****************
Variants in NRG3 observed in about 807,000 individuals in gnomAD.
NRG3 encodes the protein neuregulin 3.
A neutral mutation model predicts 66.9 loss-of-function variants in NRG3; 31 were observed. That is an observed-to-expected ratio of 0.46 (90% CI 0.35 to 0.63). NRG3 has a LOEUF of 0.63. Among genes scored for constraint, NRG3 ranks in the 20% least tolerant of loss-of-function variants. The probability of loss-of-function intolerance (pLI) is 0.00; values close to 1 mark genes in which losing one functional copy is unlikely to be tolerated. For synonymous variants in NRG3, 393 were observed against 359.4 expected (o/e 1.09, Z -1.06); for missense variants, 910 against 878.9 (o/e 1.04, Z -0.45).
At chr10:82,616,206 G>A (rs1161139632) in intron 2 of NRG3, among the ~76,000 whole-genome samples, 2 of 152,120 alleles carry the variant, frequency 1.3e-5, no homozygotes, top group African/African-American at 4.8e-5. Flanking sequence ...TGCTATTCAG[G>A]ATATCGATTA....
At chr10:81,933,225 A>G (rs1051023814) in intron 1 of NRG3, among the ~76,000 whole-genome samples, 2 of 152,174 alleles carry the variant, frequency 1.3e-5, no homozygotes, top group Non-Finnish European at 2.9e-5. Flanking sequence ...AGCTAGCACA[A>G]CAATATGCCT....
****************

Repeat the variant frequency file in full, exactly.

Variants in NRG3 observed in about 807,000 individuals in gnomAD.
NRG3 encodes the protein neuregulin 3.
A neutral mutation model predicts 66.9 loss-of-function variants in NRG3; 31 were observed. That is an observed-to-expected ratio of 0.46 (90% CI 0.35 to 0.63). NRG3 has a LOEUF of 0.63. Among genes scored for constraint, NRG3 ranks in the 20% least tolerant of loss-of-function variants. The probability of loss-of-function intolerance (pLI) is 0.00; values close to 1 mark genes in which losing one functional copy is unlikely to be tolerated. For synonymous variants in NRG3, 393 were observed against 359.4 expected (o/e 1.09, Z -1.06); for missense variants, 910 against 878.9 (o/e 1.04, Z -0.45).
At chr10:82,616,206 G>A (rs1161139632) in intron 2 of NRG3, among the ~76,000 whole-genome samples, 2 of 152,120 alleles carry the variant, frequency 1.3e-5, no homozygotes, top group African/African-American at 4.8e-5. Flanking sequence ...TGCTATTCAG[G>A]ATATCGATTA....
At chr10:81,933,225 A>G (rs1051023814) in intron 1 of NRG3, among the ~76,000 whole-genome samples, 2 of 152,174 alleles carry the variant, frequency 1.3e-5, no homozygotes, top group Non-Finnish European at 2.9e-5. Flanking sequence ...AGCTAGCACA[A>G]CAATATGCCT....